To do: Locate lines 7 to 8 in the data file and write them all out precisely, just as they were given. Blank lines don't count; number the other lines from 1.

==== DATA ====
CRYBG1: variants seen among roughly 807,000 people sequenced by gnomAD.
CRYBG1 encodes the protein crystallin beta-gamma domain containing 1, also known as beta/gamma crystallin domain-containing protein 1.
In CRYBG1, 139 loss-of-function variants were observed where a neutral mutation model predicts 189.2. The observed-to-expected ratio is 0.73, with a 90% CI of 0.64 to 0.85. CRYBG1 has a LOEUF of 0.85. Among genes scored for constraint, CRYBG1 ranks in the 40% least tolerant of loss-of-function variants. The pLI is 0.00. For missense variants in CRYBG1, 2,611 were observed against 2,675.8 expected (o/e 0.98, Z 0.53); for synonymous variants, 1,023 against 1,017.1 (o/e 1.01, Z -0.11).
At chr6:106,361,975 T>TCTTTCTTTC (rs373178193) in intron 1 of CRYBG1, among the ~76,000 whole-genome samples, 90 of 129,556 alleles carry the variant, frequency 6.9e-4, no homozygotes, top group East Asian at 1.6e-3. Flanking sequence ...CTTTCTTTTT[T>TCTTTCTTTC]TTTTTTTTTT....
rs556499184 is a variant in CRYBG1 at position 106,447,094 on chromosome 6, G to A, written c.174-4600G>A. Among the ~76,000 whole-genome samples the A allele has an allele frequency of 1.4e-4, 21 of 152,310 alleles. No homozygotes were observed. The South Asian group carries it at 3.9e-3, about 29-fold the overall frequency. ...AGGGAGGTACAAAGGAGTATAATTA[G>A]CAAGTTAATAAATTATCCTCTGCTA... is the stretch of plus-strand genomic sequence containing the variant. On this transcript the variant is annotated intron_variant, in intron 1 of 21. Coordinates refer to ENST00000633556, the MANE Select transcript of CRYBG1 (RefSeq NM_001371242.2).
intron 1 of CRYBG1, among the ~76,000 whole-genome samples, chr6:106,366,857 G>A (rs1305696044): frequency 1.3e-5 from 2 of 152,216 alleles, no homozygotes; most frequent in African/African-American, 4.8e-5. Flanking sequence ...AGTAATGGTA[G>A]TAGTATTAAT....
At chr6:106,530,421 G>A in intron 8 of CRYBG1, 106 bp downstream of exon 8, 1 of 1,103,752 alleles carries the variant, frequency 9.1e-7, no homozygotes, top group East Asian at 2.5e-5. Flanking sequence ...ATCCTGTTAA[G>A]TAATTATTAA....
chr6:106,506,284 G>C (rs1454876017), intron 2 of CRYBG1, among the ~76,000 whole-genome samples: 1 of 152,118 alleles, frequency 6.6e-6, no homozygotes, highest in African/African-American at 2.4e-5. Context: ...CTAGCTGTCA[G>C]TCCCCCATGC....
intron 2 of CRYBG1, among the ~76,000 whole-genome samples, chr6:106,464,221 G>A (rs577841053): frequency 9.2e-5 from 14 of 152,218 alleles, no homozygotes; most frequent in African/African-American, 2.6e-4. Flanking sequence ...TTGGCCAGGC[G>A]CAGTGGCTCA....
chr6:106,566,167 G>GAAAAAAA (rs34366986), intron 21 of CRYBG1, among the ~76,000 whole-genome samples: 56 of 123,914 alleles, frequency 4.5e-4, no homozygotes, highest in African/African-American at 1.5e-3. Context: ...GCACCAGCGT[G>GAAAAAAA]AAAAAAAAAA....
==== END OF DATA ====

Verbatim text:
At chr6:106,530,421 G>A in intron 8 of CRYBG1, 106 bp downstream of exon 8, 1 of 1,103,752 alleles carries the variant, frequency 9.1e-7, no homozygotes, top group East Asian at 2.5e-5. Flanking sequence ...ATCCTGTTAA[G>A]TAATTATTAA....
chr6:106,506,284 G>C (rs1454876017), intron 2 of CRYBG1, among the ~76,000 whole-genome samples: 1 of 152,118 alleles, frequency 6.6e-6, no homozygotes, highest in African/African-American at 2.4e-5. Context: ...CTAGCTGTCA[G>C]TCCCCCATGC....